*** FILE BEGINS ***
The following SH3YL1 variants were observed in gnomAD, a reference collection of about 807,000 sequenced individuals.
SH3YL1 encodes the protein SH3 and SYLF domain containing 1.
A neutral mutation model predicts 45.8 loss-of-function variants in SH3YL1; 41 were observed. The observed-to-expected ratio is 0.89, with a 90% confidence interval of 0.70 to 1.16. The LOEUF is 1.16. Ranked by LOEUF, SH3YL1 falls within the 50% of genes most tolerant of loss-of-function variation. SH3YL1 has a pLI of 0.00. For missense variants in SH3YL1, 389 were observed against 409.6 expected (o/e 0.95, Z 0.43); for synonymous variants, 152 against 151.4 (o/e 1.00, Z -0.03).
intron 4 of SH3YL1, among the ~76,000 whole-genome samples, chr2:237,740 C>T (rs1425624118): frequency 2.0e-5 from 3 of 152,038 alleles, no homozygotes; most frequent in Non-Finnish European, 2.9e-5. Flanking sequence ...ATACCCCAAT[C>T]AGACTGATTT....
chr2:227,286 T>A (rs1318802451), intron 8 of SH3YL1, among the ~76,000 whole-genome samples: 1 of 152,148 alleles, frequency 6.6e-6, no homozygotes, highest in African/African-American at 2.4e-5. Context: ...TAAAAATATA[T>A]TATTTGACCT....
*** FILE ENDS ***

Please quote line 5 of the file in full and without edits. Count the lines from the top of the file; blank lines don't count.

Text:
chr2:227,286 T>A (rs1318802451), intron 8 of SH3YL1, among the ~76,000 whole-genome samples: 1 of 152,148 alleles, frequency 6.6e-6, no homozygotes, highest in African/African-American at 2.4e-5. Context: ...TAAAAATATA[T>A]TATTTGACCT....